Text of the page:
” Nice law firm you got here. Too bad if something were to happen to it…”
As I explained here and here in 2015, the process of judicially determining whether the Defense of Marriage Act was constitutional or not was unethically sabotaged by threats to and improper lobbying of the law firm that had agreed to defend it. The Justice Department and the President had refused to do their sworn duty to uphold the laws of the United States, and same-sex marriage activists pressured the biggest client of the firm that had accepted the case to pass the pressure along. It worked. The firm dropped the case, precipitating a resignation by the partner handling it and this ringing assertion of traditional legal ethics:
“…[D]efending unpopular positions is what lawyers do. The adversary system of justice depends on it, especially in cases where the passions run high. Efforts to delegitimize any representation for one side of a legal controversy are a profound threat to the rule of law.”
This was, we are learning, not an anomaly. On the Volokh Conspiracy, law professor Josh Blackmon relates how the same strategy of applying of unethical political pressure, and the unprofessional capitulation of major law firms to it, nearly made a legitimate challenge to illegal payments to insurers under Obamacare impossible. He explains in part: Continue reading →
Charles Green helpfully sent me the link to today’s New York Times piece documenting how…
“the imbalance in legal firepower in the same-sex marriage cases resulted from a conviction among many lawyers that opposition to such unions is bigotry akin to racism. But there were economic calculations, too. Law firms that defend traditional marriage may lose clients and find themselves at a disadvantage in hiring new lawyers.”
“Am I right that something’s quite amiss here?” he asks. Indeed he is, and I’ve touched on it before.
There are several factors at work here, but the result is deplorable, and indictment of the corrupt values of the legal profession. One of the factors is bias, and it is a bias that the lawyers themselves are either unaware of, or are unwilling to avoid its effects as their professional codes of ethics require.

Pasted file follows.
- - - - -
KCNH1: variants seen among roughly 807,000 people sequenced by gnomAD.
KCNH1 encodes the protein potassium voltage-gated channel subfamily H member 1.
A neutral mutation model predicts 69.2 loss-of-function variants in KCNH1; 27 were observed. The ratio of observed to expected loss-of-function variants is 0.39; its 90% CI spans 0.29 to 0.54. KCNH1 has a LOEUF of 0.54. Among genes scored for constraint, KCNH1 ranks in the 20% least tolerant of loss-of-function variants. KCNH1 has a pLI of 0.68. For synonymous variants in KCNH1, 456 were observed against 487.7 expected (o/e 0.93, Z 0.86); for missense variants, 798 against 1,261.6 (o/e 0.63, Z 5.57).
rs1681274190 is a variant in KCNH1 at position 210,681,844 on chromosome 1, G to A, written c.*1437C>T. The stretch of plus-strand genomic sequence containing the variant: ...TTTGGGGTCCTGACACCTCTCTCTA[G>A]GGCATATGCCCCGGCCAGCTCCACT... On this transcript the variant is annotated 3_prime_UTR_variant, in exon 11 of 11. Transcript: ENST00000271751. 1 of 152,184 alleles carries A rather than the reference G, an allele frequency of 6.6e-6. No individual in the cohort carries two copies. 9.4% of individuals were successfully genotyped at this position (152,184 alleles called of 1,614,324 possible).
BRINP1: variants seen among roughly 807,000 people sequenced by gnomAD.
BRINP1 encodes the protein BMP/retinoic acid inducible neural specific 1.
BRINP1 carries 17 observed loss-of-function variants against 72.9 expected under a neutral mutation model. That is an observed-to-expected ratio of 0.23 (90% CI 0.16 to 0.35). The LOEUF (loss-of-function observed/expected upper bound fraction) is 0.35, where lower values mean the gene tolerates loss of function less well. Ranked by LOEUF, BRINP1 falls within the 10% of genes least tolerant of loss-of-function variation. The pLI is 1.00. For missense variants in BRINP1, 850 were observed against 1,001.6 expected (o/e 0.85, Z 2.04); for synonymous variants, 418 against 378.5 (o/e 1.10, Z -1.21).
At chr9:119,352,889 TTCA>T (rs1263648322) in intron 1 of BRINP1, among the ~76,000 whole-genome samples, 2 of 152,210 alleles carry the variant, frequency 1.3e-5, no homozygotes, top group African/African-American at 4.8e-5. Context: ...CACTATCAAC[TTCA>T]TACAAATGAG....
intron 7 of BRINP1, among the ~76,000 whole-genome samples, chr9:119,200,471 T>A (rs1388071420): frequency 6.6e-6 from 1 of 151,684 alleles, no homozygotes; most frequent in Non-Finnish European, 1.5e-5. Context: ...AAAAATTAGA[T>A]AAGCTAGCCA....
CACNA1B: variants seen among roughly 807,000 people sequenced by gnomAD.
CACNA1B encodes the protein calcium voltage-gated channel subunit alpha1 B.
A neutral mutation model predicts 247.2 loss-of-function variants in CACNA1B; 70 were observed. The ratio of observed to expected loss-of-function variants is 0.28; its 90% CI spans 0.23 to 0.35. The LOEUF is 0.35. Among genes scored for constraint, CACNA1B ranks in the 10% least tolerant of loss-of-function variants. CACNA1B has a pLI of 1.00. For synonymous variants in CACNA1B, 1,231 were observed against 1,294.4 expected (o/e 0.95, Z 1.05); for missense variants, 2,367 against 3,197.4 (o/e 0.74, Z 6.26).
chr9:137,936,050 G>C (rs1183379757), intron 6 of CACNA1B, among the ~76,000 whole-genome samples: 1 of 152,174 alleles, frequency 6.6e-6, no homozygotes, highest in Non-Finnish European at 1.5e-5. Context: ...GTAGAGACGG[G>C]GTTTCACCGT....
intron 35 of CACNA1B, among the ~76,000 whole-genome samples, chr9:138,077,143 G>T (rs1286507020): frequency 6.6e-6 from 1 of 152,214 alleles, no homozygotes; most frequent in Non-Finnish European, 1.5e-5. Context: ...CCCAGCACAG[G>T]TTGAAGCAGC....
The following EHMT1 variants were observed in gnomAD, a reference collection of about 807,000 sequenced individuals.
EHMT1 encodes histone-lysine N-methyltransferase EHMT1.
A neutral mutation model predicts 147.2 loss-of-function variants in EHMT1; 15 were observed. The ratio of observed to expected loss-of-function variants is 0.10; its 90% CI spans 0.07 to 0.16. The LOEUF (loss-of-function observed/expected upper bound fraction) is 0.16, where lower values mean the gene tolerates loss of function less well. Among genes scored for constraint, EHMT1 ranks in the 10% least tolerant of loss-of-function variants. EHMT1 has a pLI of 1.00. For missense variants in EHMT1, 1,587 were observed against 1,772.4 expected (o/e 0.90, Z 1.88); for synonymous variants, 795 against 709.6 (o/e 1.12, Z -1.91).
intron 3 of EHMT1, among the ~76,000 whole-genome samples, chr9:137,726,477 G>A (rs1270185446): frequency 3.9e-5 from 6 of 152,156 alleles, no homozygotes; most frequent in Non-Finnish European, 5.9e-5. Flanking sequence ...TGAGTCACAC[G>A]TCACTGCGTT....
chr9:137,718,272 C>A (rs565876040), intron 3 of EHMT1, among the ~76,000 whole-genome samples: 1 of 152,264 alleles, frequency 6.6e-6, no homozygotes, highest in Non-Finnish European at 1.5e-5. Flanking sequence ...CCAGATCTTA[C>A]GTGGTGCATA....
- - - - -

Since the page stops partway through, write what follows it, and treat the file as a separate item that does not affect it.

The majority of high-powered lawyers hail from urban centers where liberal culture flourishes among the wealthy, the powerful and the influential. These are cosmopolitan lawyers, sophisticated and urbane, who have gay colleagues, gay friends and gay children. They are less likely to be religious, and more likely to have contempt for those who are. Combine with them the legal academics who drive consensus on legal ethics matters—like most academics, they have marinated in the extreme leftist attitudes of U.S. academia—and it becomes clear why, as Michael W. McConnell, a former federal appeals court judge who teaches law at Stanford, tells the Times, “The level of sheer desire to crush dissent is pretty unprecedented.”
I noticed this in 2011, when the legal ethicists I follow, know and debate with decreed virtually en masse that a judge who was not only gay himself but in a long term domestic relationship with his partner had no ethical obligation to recuse himself before he issued the decision on the constitutionality of California’s anti-same sex marriage Proposition 8. Nor did they feel he was ethically obligated to disclose his situation before ruling. I wrote: Continue reading →
John Adams defended the guys in red, and Paul Clement understands why.
Law firm King & Spalding announced Monday that it would no longer represent congressional Republicans regarding the constitutionality of the Defense of Marriage Act (DOMA), the controversial 1996 legislation that defines marriage as being only between a man and a woman.. In response, the firm’s chief appellate lawyer, Paul Clement, who was handling the case, resigned from the firm.
In February, the Obama administration announced that its Justice Department would refuse to defend DOMA in a number of lawsuits, an unusual, controversial and troubling decision. It doesn’t take a lot of imagination to conceive of other federal laws another administration might decide to render dead letters by non-defense despite being duly passed by the people’s representatives. A government has an obligation to duly execute its laws or repeal them. The policy of the Administration regarding DOMA raised issues of governmental integrity quite separate from the provisions of the law itself. Continue reading →